Metal obsessed UK quartet kick up a storm on debut full length release
There have been libraries full of books dedicated to working out just what heavy metal is, when it was started, who started it and what it means. Is it’s true spirit traceable to that moment when a Birmingham sheet metal worker severed the tips of his fingers in the foundry and invented a new way to play his guitar? Does it belong to an earlier time when a band from just slightly further north decided to get together and change the face of music by borrowing heavily from the Blues artists of the Deep South of America, and fuse it all together with some Tolkien and a dose of Aleister Crowley? Or is it something else entirely?
What is certain is this: when Steppenwolf used the phrase “heavy metal thunder” in that song of theirs you might know, they may just have had this record in mind.
The debut full-length album from Fury is Heavy. Metal. Thunder. Made flesh, there is absolutely no pretence here that this belongs to one of those bullshit genres that magazines make up. Rather “The Lightning Dream” is the purest of pure heavy metal from start to finish.
The Worcester based band have been playing on the live circuit for years. They’ve been to Bloodstock, they’ve been to Hammerfest, they’ve played just about everywhere, and along the way have found to release two EP’s which hinted at something a little exciting. Now is their chance to deliver on that promise.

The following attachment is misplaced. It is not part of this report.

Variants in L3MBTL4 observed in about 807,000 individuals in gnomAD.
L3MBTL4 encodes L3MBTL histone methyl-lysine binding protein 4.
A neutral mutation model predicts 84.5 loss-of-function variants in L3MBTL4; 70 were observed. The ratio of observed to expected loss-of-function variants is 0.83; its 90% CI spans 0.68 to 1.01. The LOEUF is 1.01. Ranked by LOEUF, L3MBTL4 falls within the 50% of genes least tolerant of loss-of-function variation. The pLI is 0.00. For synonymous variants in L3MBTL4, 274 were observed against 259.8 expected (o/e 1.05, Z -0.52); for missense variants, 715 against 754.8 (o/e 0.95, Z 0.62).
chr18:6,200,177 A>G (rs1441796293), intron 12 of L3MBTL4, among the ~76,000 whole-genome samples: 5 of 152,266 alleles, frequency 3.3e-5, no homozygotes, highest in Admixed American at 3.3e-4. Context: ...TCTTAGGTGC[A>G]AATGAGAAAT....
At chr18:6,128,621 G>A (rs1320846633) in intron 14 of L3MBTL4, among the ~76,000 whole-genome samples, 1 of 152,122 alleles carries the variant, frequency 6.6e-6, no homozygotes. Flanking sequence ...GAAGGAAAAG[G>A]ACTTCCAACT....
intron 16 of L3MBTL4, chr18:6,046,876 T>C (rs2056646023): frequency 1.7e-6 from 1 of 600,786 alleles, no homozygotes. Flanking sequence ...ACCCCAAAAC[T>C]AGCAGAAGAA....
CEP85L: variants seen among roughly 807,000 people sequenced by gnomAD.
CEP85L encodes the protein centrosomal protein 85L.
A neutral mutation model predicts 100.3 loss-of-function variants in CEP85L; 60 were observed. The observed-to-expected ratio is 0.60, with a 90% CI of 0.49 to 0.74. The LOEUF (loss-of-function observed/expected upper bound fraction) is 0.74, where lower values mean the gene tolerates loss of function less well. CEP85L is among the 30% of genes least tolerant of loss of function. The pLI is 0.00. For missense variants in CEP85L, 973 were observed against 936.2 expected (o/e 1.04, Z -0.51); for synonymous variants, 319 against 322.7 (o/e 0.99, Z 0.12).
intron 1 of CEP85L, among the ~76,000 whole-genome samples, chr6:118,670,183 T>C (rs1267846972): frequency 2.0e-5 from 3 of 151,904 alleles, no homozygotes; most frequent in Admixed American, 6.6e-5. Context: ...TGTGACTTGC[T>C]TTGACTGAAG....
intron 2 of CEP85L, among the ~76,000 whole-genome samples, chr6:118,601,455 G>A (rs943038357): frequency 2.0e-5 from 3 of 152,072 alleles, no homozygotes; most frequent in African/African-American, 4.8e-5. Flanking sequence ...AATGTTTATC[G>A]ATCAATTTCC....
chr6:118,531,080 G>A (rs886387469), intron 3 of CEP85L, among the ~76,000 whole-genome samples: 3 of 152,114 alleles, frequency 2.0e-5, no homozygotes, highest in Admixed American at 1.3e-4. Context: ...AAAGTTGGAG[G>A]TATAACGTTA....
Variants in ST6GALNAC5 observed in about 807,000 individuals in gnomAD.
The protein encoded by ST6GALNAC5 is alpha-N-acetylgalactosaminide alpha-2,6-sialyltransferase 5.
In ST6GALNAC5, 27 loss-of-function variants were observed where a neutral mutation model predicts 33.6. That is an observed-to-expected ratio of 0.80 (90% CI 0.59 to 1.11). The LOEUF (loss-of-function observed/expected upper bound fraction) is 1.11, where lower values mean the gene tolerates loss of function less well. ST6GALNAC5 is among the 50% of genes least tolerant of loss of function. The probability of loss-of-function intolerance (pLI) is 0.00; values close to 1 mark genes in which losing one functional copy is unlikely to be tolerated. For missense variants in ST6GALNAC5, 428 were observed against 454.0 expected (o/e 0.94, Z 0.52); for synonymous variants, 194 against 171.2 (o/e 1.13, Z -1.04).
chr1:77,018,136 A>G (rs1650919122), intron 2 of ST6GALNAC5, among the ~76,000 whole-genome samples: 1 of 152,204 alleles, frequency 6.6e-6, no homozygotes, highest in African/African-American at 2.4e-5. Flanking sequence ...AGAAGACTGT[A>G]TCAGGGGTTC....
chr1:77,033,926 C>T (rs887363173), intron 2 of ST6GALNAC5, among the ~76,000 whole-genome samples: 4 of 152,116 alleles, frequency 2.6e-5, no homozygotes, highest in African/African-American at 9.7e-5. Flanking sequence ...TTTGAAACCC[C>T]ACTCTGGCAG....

“……Dream” begins with a track that originally appeared on one of these EP’s. “In To The Dark” and it gallops along most agreeably. Giving way to “Saviour” which does likewise. This is a world of sorcerers, Lucifer, demons and all kinds of wizards and magic, it’s also an album with the greats of British heavy metal all over it, but totally unashamedly so and without any hint of pastiche.
“Edge Of Time” builds to a twin guitar solo that would make Messrs Murray and Smith misty eyed as Julian Jenkins and Martin Beesley really cut loose, while “Warrior’s Prayer” sees a bass heavy groove and “brothers standing tall.” It could be Manowar, it isn’t. “Out Beyond The Stars” is ostensibly a tale of space travel, but when Jenkins almost yells “impossible is just a word” you can’t help feeling it’s laden with meaning for the band itself.
There is barely a pause for breath throughout this weighty work, and even when the pace drops slightly for the anthemic “Britannia,” an ode to an idealistic Albion, it does so with great effect.
The album finishes with the title track, at nearly 11 and a half minutes, it is almost prog like in its intent, it is not only the most ambitious piece here, but it is arguably the best. The song is the signature of a band that has waited all it’s life to make a statement and, given the chance to make it, they weren’t going fail.
The spirit of true Heavy Metal never died anyway, but with bands like Fury to carry the torch it’s in rude health. This is no dream. This is real and it is brilliant.